This chapter describes methods for forming tubulovesicular networks, separating the membranes into at least two fractions with little loss of network-forming activity, and extracting peripheral membrane proteins. It also presents various problems encountered in working with the tubulovesicular membrane networks. Several cell lines have been used to make networks, such as chick embryo fibroblasts (CEF), African green monkey kidney cells (CV-I), rat liver, and Xenopus egg extracts. The standard network mixture is placed between parallel lines of high-vacuum silicon grease that form a sample chamber. The mixture is incubated in a humidified chamber for 1–2 hours at room temperature or 30–60 minutes at 37°C. The microtubule motors kinesin and cytoplasmic dynein can be selectively removed from the high-speed supernatant. Standard differential interference contrast (DIC) microscopy can be used to a limited extent to visualize the tubulovesicular networks. Because the tubulovesicular membranes are about 0.1–0.2 μm in diameter and network formation is highly dependent on microtubule motility. The use of video-enhanced DIC microscopy is recommended.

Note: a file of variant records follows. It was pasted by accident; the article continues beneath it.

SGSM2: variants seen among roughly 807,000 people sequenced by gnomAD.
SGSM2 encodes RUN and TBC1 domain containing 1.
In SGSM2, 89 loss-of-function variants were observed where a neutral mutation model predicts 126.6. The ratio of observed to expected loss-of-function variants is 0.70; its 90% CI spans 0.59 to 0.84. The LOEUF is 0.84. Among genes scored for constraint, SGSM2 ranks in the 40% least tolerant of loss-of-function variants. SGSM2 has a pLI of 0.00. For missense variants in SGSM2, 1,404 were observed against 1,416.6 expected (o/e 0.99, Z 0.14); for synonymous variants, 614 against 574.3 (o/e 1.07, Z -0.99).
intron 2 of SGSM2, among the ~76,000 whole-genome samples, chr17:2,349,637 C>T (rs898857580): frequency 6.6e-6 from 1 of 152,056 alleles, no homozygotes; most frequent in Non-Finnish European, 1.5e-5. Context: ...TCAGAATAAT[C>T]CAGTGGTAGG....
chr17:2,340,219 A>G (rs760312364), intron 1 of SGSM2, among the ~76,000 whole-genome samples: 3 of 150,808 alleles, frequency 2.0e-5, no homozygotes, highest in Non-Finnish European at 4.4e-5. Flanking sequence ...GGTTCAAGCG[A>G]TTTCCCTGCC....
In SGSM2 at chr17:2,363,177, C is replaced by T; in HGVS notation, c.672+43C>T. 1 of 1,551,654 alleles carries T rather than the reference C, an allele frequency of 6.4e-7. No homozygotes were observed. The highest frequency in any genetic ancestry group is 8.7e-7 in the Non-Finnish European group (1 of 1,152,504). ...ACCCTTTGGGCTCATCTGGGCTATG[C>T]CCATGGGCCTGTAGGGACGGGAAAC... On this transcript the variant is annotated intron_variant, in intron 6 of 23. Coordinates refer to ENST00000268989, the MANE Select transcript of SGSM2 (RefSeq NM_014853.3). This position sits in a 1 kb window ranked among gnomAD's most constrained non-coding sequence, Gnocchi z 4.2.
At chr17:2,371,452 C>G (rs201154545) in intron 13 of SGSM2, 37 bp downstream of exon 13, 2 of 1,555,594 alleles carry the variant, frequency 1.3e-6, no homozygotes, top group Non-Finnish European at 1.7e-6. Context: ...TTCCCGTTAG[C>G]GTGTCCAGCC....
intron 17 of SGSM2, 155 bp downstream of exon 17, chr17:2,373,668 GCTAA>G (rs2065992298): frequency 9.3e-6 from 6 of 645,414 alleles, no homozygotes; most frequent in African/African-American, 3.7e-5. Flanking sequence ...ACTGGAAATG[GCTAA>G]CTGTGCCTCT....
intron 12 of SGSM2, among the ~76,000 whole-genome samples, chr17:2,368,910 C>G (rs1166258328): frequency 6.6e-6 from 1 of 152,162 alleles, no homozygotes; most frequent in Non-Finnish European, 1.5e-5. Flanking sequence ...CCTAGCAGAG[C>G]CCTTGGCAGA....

ASJC Scopus subject areas
- Cell Biology